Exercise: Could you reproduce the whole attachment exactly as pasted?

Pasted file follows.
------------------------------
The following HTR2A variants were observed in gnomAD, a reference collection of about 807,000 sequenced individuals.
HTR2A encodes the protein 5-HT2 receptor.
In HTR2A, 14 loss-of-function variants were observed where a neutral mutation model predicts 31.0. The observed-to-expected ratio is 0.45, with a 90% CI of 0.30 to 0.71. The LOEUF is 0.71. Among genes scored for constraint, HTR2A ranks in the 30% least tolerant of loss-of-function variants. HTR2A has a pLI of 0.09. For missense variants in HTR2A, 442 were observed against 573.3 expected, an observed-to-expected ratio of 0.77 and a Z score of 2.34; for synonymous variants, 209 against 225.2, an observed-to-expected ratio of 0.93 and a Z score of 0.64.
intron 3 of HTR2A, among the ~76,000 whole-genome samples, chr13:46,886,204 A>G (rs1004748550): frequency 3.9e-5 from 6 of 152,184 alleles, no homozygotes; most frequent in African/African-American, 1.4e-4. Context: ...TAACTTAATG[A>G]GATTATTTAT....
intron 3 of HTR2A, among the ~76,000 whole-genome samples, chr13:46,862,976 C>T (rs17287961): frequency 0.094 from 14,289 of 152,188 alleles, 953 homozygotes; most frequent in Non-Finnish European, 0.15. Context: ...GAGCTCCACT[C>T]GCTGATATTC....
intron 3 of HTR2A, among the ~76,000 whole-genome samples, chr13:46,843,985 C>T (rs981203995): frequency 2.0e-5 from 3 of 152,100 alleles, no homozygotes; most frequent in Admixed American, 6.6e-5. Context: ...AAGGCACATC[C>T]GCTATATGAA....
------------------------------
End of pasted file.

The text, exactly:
The following HTR2A variants were observed in gnomAD, a reference collection of about 807,000 sequenced individuals.
HTR2A encodes the protein 5-HT2 receptor.
In HTR2A, 14 loss-of-function variants were observed where a neutral mutation model predicts 31.0. The observed-to-expected ratio is 0.45, with a 90% CI of 0.30 to 0.71. The LOEUF is 0.71. Among genes scored for constraint, HTR2A ranks in the 30% least tolerant of loss-of-function variants. HTR2A has a pLI of 0.09. For missense variants in HTR2A, 442 were observed against 573.3 expected, an observed-to-expected ratio of 0.77 and a Z score of 2.34; for synonymous variants, 209 against 225.2, an observed-to-expected ratio of 0.93 and a Z score of 0.64.
intron 3 of HTR2A, among the ~76,000 whole-genome samples, chr13:46,886,204 A>G (rs1004748550): frequency 3.9e-5 from 6 of 152,184 alleles, no homozygotes; most frequent in African/African-American, 1.4e-4. Context: ...TAACTTAATG[A>G]GATTATTTAT....
intron 3 of HTR2A, among the ~76,000 whole-genome samples, chr13:46,862,976 C>T (rs17287961): frequency 0.094 from 14,289 of 152,188 alleles, 953 homozygotes; most frequent in Non-Finnish European, 0.15. Context: ...GAGCTCCACT[C>T]GCTGATATTC....
intron 3 of HTR2A, among the ~76,000 whole-genome samples, chr13:46,843,985 C>T (rs981203995): frequency 2.0e-5 from 3 of 152,100 alleles, no homozygotes; most frequent in Admixed American, 6.6e-5. Context: ...AAGGCACATC[C>T]GCTATATGAA....